Questions surround legalized industrial hemp transportation in SD after man is arrested
Questions still surround the transportation of legalized industrial hemp in South Dakota.
Robert Herzberg was arrested in Jackson County, South Dakota for speeding then the officer discovered he was transporting hemp from Colorado to Minneapolis. He was arrested for possession and possession with intent to distribute.
Industrial hemp is legal in Colorado and Minnesota but not South Dakota. The Minnesota Hemp Association is protesting the arrest.
South Dakota Governor Kristi Noem said industrial hemp will remain illegal in South Dakota until the question marks surrounding the issue are resolved, but after the 2018 farm bill was signed into law a 2019 federal memo notes that although states can halt production they can't block transportation.
"I would like to see the state give the product back to him and let him go on his way and not charge him with anything," Hemp farmer, Austin Langenfeld said.
The Minnesota Hemp Association sent out a release stating that South Dakota is not complying with the farm bill and allowing hemp to be transported.
"The farm bill does allow this, that it does allow the transportation across state lines including those states like South Dakota that have not legalized hemp," Scott Swier with Swier Law Firm said.
A memo from the U.S. Department of Agriculture said that states can enact and enforce hemp production laws, but cannot block a shipment.
"[South Dakota] is going to say the law is not clear. They’ll recognize the memorandum from the USDA but they're going to say that's not the law," Swier said.
Austin Langenfeld is a hemp farmer with Blackshire Farms in Luverne, Minnesota. His business will transport the hemp they grow to the producers that will turn it into a final product.
He said he doesn't see them having issues with this since they're selling primarily on the east coast where hemp is legal.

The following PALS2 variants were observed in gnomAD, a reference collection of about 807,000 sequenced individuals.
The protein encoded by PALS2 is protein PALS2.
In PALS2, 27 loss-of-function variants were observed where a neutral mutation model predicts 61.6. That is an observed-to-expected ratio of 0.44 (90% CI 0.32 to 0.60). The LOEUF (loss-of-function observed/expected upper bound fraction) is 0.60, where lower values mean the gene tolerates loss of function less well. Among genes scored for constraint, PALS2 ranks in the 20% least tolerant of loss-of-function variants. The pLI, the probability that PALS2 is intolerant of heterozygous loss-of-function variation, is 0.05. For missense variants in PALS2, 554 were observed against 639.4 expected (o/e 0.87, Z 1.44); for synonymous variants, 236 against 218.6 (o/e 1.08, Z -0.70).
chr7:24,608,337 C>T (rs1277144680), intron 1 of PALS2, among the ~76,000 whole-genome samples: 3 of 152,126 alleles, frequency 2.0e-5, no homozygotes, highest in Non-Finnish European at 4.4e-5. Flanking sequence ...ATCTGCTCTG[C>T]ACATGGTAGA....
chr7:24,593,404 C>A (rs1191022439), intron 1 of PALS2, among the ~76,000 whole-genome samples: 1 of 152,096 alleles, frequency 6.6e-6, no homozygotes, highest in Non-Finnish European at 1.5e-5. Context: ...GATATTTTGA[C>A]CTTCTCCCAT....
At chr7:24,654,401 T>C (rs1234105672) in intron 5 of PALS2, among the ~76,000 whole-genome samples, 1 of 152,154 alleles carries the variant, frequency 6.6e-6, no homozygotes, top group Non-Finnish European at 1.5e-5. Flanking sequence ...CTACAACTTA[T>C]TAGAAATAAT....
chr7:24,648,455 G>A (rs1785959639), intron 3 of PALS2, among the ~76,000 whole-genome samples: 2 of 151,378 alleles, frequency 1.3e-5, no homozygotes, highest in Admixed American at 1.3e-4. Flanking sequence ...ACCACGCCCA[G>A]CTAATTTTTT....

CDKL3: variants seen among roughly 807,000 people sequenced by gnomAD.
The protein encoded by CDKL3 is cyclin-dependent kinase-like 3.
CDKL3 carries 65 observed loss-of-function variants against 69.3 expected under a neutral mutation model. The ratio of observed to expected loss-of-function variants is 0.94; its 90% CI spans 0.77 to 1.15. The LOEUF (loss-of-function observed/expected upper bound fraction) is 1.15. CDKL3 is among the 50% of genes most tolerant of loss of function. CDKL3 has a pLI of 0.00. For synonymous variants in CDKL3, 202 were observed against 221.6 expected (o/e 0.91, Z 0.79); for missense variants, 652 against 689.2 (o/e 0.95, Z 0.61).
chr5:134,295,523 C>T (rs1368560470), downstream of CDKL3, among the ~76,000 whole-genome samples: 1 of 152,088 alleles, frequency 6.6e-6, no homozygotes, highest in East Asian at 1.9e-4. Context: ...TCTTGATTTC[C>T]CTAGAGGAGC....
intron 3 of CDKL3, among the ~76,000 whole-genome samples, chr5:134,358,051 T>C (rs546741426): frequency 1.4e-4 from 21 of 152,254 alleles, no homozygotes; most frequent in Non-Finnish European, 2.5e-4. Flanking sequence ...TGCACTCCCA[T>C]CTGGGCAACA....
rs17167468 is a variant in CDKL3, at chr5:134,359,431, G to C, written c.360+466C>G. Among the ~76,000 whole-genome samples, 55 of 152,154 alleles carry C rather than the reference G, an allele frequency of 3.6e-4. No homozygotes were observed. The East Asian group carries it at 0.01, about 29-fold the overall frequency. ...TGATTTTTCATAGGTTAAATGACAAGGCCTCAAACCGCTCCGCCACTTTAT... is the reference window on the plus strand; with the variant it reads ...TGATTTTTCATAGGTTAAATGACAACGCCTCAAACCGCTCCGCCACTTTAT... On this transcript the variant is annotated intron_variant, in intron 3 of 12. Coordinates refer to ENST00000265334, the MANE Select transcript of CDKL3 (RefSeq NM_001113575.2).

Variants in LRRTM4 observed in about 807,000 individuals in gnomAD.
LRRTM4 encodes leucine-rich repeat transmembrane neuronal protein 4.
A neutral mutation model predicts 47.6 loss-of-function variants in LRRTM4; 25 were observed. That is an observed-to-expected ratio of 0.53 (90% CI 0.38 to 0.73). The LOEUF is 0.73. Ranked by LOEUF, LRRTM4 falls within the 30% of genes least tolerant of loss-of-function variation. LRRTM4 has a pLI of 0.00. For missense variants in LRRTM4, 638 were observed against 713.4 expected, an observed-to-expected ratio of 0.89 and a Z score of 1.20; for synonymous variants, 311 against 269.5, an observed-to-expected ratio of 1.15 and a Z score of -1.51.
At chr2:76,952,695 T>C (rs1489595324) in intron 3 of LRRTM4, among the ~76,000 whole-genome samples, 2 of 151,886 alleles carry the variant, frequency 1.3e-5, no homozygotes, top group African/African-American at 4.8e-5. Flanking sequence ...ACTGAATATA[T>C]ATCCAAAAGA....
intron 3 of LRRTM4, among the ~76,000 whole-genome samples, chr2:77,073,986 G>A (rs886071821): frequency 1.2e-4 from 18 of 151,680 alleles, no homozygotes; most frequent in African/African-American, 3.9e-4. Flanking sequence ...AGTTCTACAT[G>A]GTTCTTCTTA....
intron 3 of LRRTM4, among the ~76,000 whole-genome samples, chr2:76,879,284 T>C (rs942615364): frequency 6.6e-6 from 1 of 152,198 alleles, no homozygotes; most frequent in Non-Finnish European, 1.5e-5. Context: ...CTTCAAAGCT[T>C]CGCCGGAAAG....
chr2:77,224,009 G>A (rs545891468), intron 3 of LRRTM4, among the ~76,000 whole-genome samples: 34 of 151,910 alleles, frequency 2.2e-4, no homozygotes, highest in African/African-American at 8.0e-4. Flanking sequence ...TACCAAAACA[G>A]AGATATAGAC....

"But I mean with South Dakota being such a busy trade hub I can see where it will become an issue for plenty of people," Langenfeld said.
He said the farm already has a plan in place to avoid any states that don't allow hemp production.
"I personally feel as a South Dakotan that the governor kind of went up against the people by vetoing a very lucrative bill and now they're kind of insulting other states’ rights by seizing their products," Langenfeld said.
Just this past Monday, Governor Noem said "industrial hemp is surrounded by many question marks. It could be reckless to introduce a product that has serious implications on the health and safety of the next generation."
As for the driver that was arrested, before growers are allowed to sell hemp Langenfeld said it needs to be tested and certified as hemp.
"So that certification should of already been with the trucker, might already been with him when he got pulled over," Langenfeld said.
Scott Swier said that this is a federal versus state law issue. The man arrested could go through the state court or take the federal court route and say that South Dakota is violating federal law.
Governor Noem's office said this is an ongoing investigation and couldn't comment on the case. She said she encourages the legislature to work together to answer questions like distinguishing hemp from marijuana roadside.